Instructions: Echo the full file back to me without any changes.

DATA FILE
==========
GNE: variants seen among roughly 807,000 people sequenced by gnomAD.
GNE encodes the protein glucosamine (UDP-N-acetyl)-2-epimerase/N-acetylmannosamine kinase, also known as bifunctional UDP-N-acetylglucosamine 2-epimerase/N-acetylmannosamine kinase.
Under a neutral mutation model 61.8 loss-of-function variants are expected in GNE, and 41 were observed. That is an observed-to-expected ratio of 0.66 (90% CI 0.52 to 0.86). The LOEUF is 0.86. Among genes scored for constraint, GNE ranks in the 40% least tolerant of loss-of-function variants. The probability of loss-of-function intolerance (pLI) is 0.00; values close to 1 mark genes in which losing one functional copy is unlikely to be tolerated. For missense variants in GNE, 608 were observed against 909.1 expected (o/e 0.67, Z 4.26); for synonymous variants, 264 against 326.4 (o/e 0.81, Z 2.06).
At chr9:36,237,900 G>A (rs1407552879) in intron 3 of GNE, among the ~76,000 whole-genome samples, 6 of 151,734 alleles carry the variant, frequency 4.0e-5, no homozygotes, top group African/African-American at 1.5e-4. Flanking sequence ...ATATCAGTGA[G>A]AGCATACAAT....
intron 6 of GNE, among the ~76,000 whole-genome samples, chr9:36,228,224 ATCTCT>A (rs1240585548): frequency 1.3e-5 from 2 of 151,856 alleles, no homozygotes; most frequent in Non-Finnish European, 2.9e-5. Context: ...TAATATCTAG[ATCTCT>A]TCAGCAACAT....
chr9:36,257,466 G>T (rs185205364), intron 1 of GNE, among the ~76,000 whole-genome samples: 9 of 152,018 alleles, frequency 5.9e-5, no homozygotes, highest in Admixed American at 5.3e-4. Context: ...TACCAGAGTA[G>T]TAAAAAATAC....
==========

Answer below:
GNE: variants seen among roughly 807,000 people sequenced by gnomAD.
GNE encodes the protein glucosamine (UDP-N-acetyl)-2-epimerase/N-acetylmannosamine kinase, also known as bifunctional UDP-N-acetylglucosamine 2-epimerase/N-acetylmannosamine kinase.
Under a neutral mutation model 61.8 loss-of-function variants are expected in GNE, and 41 were observed. That is an observed-to-expected ratio of 0.66 (90% CI 0.52 to 0.86). The LOEUF is 0.86. Among genes scored for constraint, GNE ranks in the 40% least tolerant of loss-of-function variants. The probability of loss-of-function intolerance (pLI) is 0.00; values close to 1 mark genes in which losing one functional copy is unlikely to be tolerated. For missense variants in GNE, 608 were observed against 909.1 expected (o/e 0.67, Z 4.26); for synonymous variants, 264 against 326.4 (o/e 0.81, Z 2.06).
At chr9:36,237,900 G>A (rs1407552879) in intron 3 of GNE, among the ~76,000 whole-genome samples, 6 of 151,734 alleles carry the variant, frequency 4.0e-5, no homozygotes, top group African/African-American at 1.5e-4. Flanking sequence ...ATATCAGTGA[G>A]AGCATACAAT....
intron 6 of GNE, among the ~76,000 whole-genome samples, chr9:36,228,224 ATCTCT>A (rs1240585548): frequency 1.3e-5 from 2 of 151,856 alleles, no homozygotes; most frequent in Non-Finnish European, 2.9e-5. Context: ...TAATATCTAG[ATCTCT>A]TCAGCAACAT....
chr9:36,257,466 G>T (rs185205364), intron 1 of GNE, among the ~76,000 whole-genome samples: 9 of 152,018 alleles, frequency 5.9e-5, no homozygotes, highest in Admixed American at 5.3e-4. Context: ...TACCAGAGTA[G>T]TAAAAAATAC....